[The French government and European Commission have agreed in principle to fund tax credits for video games, due to their cultural importance - and Gamasutra tagged along with the French cultural minister and Ubisoft CEO Yves Guillemot to find out why it matters.]
14, 2007, something unusual happened in Paris -- odd, even. It was
crucial for the French video game industry, and maybe for the
perception of video games as a whole. Christine Albanel, the new
French secretary of culture and communication -- not the one who gave
Knight in the Order of Arts and Literature medals to Shigeru
Miyamoto, Michel Ancel and Frédérick Raynal back in
March 2006 -- paid an official visit to one of Ubisoft's studios in
Montreuil, a couple of miles at the east of Paris gates.
pay Ubisoft such a visit?" we candidly asked Yves Guillemot, CEO
of Ubisoft (pictured with Albanel below). "Well, the tax credits for video game productions
have just been voted in yesterday by the European Commission. We
wanted to talk a little bit about it, and Ms. Albanel wanted to show
that she cares about video games, and that she intends to participate
and help this industry to grow".
the general public isn't aware, for several years now French video
game developers have been lobbying to get some help from the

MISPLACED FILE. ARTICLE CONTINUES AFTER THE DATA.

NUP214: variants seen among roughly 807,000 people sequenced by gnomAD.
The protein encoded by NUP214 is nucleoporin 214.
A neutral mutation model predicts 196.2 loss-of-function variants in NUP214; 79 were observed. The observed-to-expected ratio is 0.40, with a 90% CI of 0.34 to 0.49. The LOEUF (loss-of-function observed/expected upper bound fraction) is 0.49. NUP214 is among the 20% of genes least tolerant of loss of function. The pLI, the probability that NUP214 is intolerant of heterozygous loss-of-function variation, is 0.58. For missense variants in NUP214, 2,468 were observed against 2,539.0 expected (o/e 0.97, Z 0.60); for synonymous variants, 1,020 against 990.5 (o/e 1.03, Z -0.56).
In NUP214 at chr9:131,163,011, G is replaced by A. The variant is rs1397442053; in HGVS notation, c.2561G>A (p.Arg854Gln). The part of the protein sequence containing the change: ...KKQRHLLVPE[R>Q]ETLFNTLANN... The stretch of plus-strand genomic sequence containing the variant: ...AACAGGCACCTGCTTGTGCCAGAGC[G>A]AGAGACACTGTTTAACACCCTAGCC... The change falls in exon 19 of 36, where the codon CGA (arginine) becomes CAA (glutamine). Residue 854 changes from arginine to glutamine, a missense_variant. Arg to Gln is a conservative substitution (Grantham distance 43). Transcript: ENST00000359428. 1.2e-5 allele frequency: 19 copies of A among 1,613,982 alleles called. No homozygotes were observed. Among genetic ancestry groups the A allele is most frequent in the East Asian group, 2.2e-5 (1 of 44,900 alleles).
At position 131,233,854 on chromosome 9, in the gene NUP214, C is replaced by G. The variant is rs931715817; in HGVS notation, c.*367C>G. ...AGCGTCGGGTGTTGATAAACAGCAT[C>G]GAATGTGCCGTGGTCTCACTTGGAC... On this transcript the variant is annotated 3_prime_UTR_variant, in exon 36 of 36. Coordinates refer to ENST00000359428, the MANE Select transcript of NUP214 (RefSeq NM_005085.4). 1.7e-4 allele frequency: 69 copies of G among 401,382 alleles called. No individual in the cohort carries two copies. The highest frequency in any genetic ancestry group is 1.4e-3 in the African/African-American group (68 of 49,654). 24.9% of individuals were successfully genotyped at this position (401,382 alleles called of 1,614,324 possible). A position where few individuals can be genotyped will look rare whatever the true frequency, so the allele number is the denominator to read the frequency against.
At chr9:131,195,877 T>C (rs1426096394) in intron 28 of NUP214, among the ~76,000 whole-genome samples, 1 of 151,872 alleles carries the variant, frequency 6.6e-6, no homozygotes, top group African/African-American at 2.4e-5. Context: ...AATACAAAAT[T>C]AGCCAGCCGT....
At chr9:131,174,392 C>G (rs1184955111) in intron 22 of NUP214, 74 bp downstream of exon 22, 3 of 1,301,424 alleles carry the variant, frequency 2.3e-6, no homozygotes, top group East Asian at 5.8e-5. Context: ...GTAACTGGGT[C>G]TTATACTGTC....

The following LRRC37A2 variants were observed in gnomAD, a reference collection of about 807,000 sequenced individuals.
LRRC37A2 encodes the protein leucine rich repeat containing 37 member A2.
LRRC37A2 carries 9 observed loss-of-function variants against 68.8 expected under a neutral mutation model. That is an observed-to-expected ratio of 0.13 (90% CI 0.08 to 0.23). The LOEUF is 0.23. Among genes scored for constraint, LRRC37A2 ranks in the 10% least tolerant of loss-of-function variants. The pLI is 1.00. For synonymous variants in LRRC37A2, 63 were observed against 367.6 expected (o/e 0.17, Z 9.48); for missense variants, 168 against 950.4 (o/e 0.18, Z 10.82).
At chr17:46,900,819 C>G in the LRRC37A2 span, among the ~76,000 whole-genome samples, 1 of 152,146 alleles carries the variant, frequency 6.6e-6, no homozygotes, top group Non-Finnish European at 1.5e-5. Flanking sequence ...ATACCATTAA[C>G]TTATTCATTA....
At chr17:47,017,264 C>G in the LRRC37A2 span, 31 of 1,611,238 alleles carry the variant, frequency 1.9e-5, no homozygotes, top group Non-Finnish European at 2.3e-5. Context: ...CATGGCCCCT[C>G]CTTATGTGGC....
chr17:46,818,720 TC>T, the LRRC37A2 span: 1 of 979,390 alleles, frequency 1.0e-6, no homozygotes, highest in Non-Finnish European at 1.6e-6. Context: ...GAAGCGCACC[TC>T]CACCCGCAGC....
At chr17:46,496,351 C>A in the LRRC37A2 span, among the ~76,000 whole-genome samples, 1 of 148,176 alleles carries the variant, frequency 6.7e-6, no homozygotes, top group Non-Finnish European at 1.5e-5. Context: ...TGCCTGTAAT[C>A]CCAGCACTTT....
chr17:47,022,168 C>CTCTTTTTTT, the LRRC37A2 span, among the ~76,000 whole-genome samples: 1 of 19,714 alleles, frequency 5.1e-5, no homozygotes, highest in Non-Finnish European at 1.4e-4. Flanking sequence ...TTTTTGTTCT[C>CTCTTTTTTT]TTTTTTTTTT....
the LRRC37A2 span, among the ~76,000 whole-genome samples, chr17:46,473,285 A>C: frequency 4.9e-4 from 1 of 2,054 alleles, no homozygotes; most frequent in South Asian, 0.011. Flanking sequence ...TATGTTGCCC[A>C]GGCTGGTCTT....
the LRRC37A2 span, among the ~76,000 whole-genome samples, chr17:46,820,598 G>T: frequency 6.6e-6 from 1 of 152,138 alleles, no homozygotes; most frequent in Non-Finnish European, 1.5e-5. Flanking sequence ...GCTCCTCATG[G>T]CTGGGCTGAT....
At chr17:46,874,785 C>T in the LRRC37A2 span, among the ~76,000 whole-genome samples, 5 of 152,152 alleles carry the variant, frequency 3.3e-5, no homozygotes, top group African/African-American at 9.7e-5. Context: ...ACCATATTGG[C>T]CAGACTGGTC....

government. Ninety French studios are represented by l'Association
des Producteurs d'Oeuvres Multimédia, which translates to "The
Association of Producers of Multimedia Works" and is abbreviated
to l'APOM, or "Apple". The president of l'APOM,
Guillaume de Fondaumière, is also General Director of studio
Quantic Dream (Fahrenheit,
aka Indigo Prophecy).
According to de Fondaumière, "In 1990, 3000 people were
working in the video game industry in France, now only 1300 to 1500
[do]." Since its foundation in 2002, l'APOM has fought for
recognition of the French video game industry.
Whether ruled by a
left or right wing administration, France has a special interest in
all things cultural, and regularly vouches for "the French
cultural exception" to its European partners. Until recently,
however, video game activity was not a part of the French cultural
aura -- even though the French studios already had some financial
In 2003, the
First Secretary of a prior administration allowed some funding for
multimedia founding to go to French game studios. "Yes, the 4
million euros promised were quickly available and were indeed
useful," acknowledged de Fondaumière, "but since
then we had difficulty to pass the idea of the tax credits."
Yves Guillemot said, "This case is 4 years old. It's not new,
but now that the European Commission did give its green light we need
the French government to fully be behind it to accelerate and
validate the process now." Fundamentally, this decision
authorizes France to apply a 20% tax credit to support video game
production (with a 3 million euro limit per studio and per year).